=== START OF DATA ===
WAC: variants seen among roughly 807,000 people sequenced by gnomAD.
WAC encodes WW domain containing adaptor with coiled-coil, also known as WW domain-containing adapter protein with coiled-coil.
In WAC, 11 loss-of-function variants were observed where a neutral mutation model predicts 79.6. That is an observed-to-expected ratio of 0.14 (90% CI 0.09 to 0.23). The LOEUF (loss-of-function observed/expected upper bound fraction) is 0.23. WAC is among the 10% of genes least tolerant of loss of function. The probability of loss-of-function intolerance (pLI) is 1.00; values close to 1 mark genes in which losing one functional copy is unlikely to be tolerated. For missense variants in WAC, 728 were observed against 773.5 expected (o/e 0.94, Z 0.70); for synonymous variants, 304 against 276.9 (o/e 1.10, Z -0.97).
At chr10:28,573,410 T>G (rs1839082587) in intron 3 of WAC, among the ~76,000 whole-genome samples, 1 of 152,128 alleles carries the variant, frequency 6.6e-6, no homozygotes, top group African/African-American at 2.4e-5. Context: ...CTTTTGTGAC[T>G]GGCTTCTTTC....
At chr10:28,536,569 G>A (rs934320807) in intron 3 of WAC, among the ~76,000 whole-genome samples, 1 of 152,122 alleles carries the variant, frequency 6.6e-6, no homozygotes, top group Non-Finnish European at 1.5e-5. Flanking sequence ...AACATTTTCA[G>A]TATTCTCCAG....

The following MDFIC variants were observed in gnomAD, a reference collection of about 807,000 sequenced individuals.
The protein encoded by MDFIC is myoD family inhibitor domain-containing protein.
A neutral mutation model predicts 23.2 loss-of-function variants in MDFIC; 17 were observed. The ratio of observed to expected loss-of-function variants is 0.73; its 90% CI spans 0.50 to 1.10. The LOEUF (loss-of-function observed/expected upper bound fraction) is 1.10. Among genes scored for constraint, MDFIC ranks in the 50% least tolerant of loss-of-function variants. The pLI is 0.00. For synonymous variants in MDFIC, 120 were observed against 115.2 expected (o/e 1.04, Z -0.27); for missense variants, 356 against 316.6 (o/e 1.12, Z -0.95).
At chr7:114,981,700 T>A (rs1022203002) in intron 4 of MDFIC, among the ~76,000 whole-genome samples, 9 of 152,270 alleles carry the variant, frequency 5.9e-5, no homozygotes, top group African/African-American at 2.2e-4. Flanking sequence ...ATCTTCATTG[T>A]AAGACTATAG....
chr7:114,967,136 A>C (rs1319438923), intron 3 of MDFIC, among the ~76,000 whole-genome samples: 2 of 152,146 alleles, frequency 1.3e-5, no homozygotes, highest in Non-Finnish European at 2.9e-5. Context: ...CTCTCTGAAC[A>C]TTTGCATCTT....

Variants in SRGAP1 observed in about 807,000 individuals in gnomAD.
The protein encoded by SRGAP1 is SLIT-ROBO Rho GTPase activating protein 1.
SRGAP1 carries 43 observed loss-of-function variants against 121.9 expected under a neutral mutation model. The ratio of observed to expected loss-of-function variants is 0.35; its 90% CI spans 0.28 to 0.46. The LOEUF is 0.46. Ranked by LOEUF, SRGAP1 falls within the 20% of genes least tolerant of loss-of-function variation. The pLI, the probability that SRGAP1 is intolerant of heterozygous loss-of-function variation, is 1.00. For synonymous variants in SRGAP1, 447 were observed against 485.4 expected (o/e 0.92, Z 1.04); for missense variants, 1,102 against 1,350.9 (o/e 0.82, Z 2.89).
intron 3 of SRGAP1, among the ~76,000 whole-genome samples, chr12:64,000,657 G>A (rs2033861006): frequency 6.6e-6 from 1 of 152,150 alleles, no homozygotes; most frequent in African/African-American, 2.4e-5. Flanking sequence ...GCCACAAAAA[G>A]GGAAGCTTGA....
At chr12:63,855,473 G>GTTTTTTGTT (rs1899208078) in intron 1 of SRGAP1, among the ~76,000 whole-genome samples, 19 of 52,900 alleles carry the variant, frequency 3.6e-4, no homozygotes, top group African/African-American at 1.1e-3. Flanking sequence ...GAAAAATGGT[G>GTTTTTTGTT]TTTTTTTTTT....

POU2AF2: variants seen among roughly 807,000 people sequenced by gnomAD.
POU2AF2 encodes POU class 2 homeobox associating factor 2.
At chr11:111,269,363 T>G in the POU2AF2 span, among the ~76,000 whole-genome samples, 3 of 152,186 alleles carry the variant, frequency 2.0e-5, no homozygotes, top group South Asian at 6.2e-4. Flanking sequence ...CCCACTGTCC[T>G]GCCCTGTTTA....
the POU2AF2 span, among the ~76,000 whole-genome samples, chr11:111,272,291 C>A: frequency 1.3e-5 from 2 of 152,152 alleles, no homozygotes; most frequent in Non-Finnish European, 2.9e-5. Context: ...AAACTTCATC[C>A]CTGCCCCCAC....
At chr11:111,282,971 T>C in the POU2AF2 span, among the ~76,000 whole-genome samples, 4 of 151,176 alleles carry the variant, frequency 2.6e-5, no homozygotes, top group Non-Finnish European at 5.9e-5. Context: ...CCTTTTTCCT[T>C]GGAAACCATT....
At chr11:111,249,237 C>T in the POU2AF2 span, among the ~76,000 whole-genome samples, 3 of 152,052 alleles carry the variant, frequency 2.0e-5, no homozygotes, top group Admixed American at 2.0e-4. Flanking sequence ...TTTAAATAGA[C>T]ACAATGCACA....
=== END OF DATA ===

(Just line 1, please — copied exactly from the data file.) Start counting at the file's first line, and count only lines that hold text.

WAC: variants seen among roughly 807,000 people sequenced by gnomAD.